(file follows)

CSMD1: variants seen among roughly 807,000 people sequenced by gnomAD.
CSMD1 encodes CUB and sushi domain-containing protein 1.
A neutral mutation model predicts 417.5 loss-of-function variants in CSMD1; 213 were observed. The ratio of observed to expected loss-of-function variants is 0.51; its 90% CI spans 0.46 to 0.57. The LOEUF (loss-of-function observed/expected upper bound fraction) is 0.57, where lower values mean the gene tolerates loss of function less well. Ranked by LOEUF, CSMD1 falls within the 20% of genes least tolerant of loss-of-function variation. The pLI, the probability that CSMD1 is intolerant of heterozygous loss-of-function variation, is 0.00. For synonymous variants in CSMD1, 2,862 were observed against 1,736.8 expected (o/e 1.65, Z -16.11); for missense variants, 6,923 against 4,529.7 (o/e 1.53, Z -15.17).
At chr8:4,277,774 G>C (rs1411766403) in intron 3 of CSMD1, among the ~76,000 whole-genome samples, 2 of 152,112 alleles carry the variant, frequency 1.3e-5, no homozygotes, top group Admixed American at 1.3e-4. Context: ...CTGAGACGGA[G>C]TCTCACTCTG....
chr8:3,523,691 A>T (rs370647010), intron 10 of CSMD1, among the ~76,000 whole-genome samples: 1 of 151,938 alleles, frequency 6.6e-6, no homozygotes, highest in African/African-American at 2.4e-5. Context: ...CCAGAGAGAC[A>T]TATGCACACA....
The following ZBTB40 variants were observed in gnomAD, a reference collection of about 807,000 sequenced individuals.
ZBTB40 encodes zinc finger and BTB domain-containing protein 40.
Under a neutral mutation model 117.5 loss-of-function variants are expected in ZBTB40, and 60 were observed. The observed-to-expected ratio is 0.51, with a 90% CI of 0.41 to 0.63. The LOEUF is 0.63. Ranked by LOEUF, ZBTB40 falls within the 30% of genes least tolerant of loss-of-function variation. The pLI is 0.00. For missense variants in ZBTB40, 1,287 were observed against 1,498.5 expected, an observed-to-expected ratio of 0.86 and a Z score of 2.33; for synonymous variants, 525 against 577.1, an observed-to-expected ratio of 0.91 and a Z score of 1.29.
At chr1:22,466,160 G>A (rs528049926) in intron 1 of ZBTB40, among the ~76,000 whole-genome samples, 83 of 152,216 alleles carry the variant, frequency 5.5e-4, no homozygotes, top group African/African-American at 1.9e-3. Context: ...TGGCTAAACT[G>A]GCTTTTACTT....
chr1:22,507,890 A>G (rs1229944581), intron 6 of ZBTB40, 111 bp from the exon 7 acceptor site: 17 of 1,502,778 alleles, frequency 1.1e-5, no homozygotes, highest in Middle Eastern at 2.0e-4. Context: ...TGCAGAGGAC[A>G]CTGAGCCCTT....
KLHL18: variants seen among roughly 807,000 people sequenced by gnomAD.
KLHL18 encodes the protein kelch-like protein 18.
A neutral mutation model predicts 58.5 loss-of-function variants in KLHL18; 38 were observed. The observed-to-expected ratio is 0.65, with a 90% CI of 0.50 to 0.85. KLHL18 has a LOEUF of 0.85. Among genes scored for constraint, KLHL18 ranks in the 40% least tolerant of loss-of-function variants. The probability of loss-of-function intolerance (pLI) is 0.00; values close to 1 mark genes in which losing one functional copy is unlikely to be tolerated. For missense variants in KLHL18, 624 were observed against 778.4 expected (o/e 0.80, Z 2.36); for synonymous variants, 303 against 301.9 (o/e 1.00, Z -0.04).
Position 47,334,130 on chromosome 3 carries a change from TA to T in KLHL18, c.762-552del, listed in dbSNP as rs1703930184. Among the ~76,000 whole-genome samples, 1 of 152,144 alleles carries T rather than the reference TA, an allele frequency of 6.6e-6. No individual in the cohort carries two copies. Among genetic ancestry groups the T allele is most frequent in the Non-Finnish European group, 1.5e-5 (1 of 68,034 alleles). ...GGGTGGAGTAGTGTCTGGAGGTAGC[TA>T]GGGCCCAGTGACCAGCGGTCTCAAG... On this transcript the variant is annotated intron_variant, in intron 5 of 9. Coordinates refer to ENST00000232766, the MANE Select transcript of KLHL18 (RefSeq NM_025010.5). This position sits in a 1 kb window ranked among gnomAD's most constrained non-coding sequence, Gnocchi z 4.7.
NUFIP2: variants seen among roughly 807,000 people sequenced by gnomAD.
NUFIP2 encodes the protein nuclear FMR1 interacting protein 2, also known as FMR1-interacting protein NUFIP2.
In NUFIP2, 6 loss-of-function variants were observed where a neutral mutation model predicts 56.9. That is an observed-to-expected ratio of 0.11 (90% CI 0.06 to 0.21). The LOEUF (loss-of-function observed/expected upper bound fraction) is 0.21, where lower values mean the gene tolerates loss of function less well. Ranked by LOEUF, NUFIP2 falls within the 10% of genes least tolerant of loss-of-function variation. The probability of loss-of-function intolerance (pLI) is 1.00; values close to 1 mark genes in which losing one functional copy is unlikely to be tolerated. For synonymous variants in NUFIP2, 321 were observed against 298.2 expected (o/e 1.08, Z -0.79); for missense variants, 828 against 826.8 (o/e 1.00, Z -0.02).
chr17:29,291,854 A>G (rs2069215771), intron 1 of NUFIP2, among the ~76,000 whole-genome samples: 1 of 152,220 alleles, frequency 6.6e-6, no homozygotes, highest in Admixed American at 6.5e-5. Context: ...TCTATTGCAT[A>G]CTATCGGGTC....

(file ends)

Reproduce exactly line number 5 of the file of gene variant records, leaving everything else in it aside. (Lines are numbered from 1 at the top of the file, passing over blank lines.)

chr8:3,523,691 A>T (rs370647010), intron 10 of CSMD1, among the ~76,000 whole-genome samples: 1 of 151,938 alleles, frequency 6.6e-6, no homozygotes, highest in African/African-American at 2.4e-5. Context: ...CCAGAGAGAC[A>T]TATGCACACA....